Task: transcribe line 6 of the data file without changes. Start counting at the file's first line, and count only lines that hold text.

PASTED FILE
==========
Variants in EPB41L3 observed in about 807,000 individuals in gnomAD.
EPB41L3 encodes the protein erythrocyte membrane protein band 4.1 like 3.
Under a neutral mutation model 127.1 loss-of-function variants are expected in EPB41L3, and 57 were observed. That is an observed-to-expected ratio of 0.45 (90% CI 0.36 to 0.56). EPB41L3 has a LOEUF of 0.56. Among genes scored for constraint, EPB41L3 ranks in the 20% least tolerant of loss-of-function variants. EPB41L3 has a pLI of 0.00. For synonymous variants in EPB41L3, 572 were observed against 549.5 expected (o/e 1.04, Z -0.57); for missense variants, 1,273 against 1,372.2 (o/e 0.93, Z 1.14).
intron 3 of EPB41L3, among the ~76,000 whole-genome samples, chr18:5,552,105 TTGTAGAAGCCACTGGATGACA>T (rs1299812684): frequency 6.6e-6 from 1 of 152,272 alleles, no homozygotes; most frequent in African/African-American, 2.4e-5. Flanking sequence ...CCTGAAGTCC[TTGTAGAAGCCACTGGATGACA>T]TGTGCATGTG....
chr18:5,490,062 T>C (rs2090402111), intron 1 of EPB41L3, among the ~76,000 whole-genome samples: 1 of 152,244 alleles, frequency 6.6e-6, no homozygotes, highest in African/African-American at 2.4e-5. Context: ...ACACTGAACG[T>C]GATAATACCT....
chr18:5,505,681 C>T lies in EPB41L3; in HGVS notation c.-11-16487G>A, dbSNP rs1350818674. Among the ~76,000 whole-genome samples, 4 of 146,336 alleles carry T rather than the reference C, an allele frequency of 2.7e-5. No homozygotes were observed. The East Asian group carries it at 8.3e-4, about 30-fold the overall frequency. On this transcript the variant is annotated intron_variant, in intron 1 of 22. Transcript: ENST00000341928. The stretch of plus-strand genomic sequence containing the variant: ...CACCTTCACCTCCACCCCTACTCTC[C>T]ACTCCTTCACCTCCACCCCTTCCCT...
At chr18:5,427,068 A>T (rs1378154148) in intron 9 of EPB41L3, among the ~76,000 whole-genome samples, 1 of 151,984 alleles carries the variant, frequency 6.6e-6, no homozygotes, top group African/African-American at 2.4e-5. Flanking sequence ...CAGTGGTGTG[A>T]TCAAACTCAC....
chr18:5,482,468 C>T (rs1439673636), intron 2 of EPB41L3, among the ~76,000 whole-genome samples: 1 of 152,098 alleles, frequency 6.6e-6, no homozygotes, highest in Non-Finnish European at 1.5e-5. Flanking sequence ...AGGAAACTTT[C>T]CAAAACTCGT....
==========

chr18:5,505,681 C>T lies in EPB41L3; in HGVS notation c.-11-16487G>A, dbSNP rs1350818674. Among the ~76,000 whole-genome samples, 4 of 146,336 alleles carry T rather than the reference C, an allele frequency of 2.7e-5. No homozygotes were observed. The East Asian group carries it at 8.3e-4, about 30-fold the overall frequency. On this transcript the variant is annotated intron_variant, in intron 1 of 22. Transcript: ENST00000341928. The stretch of plus-strand genomic sequence containing the variant: ...CACCTTCACCTCCACCCCTACTCTC[C>T]ACTCCTTCACCTCCACCCCTTCCCT...